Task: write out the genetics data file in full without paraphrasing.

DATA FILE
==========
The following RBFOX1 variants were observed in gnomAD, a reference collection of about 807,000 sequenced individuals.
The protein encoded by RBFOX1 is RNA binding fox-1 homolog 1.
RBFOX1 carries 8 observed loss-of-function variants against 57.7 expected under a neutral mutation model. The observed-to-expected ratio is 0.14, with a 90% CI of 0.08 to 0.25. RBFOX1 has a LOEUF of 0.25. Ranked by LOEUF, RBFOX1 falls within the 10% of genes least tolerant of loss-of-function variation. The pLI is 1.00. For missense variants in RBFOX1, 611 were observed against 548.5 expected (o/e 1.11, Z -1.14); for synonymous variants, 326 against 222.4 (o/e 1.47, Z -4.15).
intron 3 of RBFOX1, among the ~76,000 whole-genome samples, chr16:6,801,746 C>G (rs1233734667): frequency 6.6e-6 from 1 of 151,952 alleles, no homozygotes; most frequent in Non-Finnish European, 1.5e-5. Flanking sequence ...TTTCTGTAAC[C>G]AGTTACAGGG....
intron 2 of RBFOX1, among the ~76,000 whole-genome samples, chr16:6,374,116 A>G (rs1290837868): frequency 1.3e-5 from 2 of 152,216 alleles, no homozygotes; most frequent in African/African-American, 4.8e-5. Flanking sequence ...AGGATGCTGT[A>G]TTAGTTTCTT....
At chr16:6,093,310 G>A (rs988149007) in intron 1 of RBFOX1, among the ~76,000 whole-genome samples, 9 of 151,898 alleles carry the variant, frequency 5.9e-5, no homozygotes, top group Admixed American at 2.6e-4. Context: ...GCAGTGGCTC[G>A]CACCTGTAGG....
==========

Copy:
The following RBFOX1 variants were observed in gnomAD, a reference collection of about 807,000 sequenced individuals.
The protein encoded by RBFOX1 is RNA binding fox-1 homolog 1.
RBFOX1 carries 8 observed loss-of-function variants against 57.7 expected under a neutral mutation model. The observed-to-expected ratio is 0.14, with a 90% CI of 0.08 to 0.25. RBFOX1 has a LOEUF of 0.25. Ranked by LOEUF, RBFOX1 falls within the 10% of genes least tolerant of loss-of-function variation. The pLI is 1.00. For missense variants in RBFOX1, 611 were observed against 548.5 expected (o/e 1.11, Z -1.14); for synonymous variants, 326 against 222.4 (o/e 1.47, Z -4.15).
intron 3 of RBFOX1, among the ~76,000 whole-genome samples, chr16:6,801,746 C>G (rs1233734667): frequency 6.6e-6 from 1 of 151,952 alleles, no homozygotes; most frequent in Non-Finnish European, 1.5e-5. Flanking sequence ...TTTCTGTAAC[C>G]AGTTACAGGG....
intron 2 of RBFOX1, among the ~76,000 whole-genome samples, chr16:6,374,116 A>G (rs1290837868): frequency 1.3e-5 from 2 of 152,216 alleles, no homozygotes; most frequent in African/African-American, 4.8e-5. Flanking sequence ...AGGATGCTGT[A>G]TTAGTTTCTT....
At chr16:6,093,310 G>A (rs988149007) in intron 1 of RBFOX1, among the ~76,000 whole-genome samples, 9 of 151,898 alleles carry the variant, frequency 5.9e-5, no homozygotes, top group Admixed American at 2.6e-4. Context: ...GCAGTGGCTC[G>A]CACCTGTAGG....